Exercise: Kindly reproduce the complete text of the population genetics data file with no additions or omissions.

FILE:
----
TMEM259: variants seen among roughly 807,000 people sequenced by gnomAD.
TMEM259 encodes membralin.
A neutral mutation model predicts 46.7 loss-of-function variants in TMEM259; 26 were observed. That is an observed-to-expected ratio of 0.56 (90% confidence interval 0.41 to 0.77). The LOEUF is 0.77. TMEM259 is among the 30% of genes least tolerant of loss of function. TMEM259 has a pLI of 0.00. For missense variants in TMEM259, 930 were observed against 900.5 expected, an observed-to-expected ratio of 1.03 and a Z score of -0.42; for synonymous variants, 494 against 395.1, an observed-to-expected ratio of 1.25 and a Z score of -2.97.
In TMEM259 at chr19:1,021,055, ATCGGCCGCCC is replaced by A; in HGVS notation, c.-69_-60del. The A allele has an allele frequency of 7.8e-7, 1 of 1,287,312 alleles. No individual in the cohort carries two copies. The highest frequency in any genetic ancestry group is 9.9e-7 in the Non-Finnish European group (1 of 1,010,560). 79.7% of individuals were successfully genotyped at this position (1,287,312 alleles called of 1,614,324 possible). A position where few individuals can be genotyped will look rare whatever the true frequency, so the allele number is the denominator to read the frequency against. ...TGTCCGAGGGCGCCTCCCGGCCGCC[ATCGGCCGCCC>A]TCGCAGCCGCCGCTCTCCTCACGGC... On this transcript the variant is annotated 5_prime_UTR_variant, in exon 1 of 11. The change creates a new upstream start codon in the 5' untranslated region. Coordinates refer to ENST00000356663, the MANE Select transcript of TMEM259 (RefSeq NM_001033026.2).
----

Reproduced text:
TMEM259: variants seen among roughly 807,000 people sequenced by gnomAD.
TMEM259 encodes membralin.
A neutral mutation model predicts 46.7 loss-of-function variants in TMEM259; 26 were observed. That is an observed-to-expected ratio of 0.56 (90% confidence interval 0.41 to 0.77). The LOEUF is 0.77. TMEM259 is among the 30% of genes least tolerant of loss of function. TMEM259 has a pLI of 0.00. For missense variants in TMEM259, 930 were observed against 900.5 expected, an observed-to-expected ratio of 1.03 and a Z score of -0.42; for synonymous variants, 494 against 395.1, an observed-to-expected ratio of 1.25 and a Z score of -2.97.
In TMEM259 at chr19:1,021,055, ATCGGCCGCCC is replaced by A; in HGVS notation, c.-69_-60del. The A allele has an allele frequency of 7.8e-7, 1 of 1,287,312 alleles. No individual in the cohort carries two copies. The highest frequency in any genetic ancestry group is 9.9e-7 in the Non-Finnish European group (1 of 1,010,560). 79.7% of individuals were successfully genotyped at this position (1,287,312 alleles called of 1,614,324 possible). A position where few individuals can be genotyped will look rare whatever the true frequency, so the allele number is the denominator to read the frequency against. ...TGTCCGAGGGCGCCTCCCGGCCGCC[ATCGGCCGCCC>A]TCGCAGCCGCCGCTCTCCTCACGGC... On this transcript the variant is annotated 5_prime_UTR_variant, in exon 1 of 11. The change creates a new upstream start codon in the 5' untranslated region. Coordinates refer to ENST00000356663, the MANE Select transcript of TMEM259 (RefSeq NM_001033026.2).